A 9-month-old neutered male rabbit was referred for lethargy, anorexia, and gastrointestinal stasis. Routine hematology, serum biochemistry, and diagnostic imaging were performed. Computed tomography revealed a wall thickening of the sacculus rotundus and appendix, which was further confirmed on abdominal ultrasound. Full thickness biopsies were collected with histopathology diagnosing a chronic multifocal heterophilic granulomatous sacculitis and appendicitis. The patient was treated medically and at 6 weeks follow-up, clinical signs and intestinal changes had completely regressed. Inflammation of the sacculus rotundus and appendix should be considered as a cause of gastrointestinal stasis in rabbits.
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http://dx.doi.org/10.1111/vru.12602DOI Listing
September 2018

Use of Salmon Cardiac Primary Cultures (SCPCs) of different genotypes for comparative kinetics of mx expression, viral load and ultrastructure pathology, after infection with Salmon Pancreas Disease Virus (SPDV).

Fish Shellfish Immunol 2018 Jan 2;72:181-186. Epub 2017 Nov 2.

Royal Dick School of Veterinary Sciences, University of Edinburgh, UK.

In vitro fish based models have been extensively applied in human biomedical research but, paradoxically, less frequently in the research of fish health issues. Farmed Atlantic salmon can suffer from several viral conditions affecting the heart. Therefore, species-specific, cardiac in vitro models may represent a useful tool to help further understanding and management of these diseases. The mechanisms underlying genotype based resistance are complex and usually rely on a combined effect of elements from both the innate and adaptive immune response, which are further complicated by external environmental factors. Here we propose that Salmon Cardiac Primary Cultures (SCPCs) are a useful tool to investigate these mechanisms as the basis for genotypic differences between Atlantic salmon families in susceptibility to cardiotropic viral disease. Using SCPCs produced from two different commercially available Atlantic salmon embryonated ova (Atlantic Ova IPN sensitive" (S) and "Atlantic QTL-innOva IPN/PD" (R)), the influence of host genotype on the viral load and mx expression following Salmon Pancreas Disease Virus infection was assessed over a 15 day period. Both R and S SCPCs groups were successfully infected. A measurable difference between groups of viral nsP1 and host antiviral mx gene expression was observed (i.e. a later, but larger onset of mx expression in the R group). Mx expression peaks were followed by a decrease in viral nsP1 in both groups. Additionally, ultrastructural examination of infected SCPCs allowed the description of degenerative changes at the individual cell level. The SCPC model presents some advantages, over current fish cell culture monolayers and in vivo material, such as the presence of different cell components normally present in the target organ, as well as the removal of a layer of functional complexity (acquired immunity), making it possible to focus on tissue specific, early innate immune mechanisms. These preliminary results highlight the importance of considering genetic origin when selecting the fish source for the production of SCPCs, as well as their usefulness as screening tools for assessment of genotypic differences in disease resistance.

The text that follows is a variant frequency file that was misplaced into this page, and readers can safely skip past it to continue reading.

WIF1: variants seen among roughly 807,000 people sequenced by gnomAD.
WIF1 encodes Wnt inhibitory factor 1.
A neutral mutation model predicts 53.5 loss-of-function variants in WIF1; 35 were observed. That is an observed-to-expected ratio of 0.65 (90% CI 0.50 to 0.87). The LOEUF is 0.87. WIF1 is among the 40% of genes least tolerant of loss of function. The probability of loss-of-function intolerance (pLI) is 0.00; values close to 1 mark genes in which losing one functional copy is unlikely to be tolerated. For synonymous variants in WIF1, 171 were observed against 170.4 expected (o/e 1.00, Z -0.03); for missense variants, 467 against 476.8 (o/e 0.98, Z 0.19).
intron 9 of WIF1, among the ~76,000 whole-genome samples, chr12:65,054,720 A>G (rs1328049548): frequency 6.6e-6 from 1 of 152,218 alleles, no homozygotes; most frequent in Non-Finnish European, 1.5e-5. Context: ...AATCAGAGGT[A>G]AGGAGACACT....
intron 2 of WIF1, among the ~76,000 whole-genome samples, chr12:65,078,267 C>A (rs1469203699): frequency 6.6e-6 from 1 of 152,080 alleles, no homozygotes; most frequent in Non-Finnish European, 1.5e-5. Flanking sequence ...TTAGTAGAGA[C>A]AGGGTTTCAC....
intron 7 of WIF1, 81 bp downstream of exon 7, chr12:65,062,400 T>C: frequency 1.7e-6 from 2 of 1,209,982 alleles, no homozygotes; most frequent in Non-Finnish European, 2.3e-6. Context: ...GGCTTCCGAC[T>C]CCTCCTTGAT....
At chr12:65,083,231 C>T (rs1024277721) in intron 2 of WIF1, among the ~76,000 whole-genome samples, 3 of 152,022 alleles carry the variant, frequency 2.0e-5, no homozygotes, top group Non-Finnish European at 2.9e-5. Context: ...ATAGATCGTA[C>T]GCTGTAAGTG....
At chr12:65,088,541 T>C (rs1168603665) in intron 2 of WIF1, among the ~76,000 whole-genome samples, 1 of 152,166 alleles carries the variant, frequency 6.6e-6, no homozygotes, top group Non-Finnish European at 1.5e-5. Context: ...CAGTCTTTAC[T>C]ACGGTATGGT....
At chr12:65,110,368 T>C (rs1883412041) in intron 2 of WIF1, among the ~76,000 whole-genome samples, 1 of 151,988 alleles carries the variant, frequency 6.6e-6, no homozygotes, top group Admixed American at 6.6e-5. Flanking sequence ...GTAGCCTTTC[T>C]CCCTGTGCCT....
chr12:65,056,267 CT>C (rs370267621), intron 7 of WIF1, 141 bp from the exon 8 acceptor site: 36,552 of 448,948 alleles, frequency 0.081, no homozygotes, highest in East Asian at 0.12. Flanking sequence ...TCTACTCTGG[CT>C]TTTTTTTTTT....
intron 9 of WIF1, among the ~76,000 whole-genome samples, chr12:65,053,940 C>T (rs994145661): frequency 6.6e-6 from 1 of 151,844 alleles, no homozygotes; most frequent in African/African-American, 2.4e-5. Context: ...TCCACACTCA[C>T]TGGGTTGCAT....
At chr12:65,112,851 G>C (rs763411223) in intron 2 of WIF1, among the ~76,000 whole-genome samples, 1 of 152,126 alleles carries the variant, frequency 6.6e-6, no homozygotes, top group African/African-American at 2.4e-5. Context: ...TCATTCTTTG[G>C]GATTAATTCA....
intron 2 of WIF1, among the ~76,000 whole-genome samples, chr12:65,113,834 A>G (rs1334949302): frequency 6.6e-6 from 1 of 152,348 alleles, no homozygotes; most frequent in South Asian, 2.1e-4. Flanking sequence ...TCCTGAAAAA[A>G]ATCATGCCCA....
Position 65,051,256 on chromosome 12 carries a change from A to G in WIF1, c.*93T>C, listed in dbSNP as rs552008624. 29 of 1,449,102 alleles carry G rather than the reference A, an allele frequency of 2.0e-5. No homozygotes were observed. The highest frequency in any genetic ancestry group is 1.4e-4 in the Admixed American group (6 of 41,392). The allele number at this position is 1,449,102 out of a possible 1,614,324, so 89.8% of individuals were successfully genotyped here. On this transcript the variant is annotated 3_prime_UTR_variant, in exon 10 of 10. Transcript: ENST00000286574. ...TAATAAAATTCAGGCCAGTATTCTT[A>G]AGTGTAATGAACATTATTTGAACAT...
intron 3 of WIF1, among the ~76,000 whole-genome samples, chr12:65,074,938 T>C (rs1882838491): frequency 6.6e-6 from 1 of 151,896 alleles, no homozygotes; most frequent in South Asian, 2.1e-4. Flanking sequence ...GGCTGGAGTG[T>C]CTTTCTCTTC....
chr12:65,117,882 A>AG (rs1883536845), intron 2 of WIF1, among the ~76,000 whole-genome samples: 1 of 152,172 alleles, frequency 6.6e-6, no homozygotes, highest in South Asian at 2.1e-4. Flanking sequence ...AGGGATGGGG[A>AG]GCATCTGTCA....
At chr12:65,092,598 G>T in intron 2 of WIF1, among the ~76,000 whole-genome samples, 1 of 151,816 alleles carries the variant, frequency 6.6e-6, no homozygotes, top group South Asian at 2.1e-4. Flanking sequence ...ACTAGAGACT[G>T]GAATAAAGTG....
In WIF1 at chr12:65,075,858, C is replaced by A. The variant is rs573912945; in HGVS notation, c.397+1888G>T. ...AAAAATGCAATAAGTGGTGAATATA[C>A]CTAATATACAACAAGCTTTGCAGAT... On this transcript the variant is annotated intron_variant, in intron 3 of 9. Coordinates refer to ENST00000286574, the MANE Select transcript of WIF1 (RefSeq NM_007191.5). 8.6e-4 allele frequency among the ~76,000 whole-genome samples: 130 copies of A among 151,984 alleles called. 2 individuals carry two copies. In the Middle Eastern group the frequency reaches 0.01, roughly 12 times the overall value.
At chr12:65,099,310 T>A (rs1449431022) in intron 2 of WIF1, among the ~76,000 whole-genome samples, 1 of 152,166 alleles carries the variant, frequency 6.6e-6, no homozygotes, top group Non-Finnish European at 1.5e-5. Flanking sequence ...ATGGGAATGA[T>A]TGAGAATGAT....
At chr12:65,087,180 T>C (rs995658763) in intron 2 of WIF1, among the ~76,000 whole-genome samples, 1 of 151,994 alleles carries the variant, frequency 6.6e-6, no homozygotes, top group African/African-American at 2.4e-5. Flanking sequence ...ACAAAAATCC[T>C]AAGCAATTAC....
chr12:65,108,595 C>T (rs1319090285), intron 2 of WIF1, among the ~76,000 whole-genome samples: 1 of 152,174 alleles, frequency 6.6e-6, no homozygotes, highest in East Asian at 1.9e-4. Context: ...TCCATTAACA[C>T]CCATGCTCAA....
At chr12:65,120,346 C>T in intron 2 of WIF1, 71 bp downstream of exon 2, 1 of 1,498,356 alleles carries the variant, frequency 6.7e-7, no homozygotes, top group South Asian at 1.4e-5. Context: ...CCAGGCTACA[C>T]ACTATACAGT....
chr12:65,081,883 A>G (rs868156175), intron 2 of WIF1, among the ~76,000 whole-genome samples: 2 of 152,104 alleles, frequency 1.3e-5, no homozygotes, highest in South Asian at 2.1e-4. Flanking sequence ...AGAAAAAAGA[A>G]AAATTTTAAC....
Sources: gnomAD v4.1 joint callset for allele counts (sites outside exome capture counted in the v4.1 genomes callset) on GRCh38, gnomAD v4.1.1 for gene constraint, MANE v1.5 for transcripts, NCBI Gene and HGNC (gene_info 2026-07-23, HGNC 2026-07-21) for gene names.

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http://dx.doi.org/10.1016/j.fsi.2017.10.059DOI Listing
January 2018

Characterization of Triptolide-Induced Hepatotoxicity by Imaging and Transcriptomics in a Novel Zebrafish Model.

Toxicol Sci 2017 10;159(2):380-391

Edinburgh University/BHF Centre for Cardiovascular Science, The Queen's Medical Research Institute, Edinburgh EH16?4TJ, UK.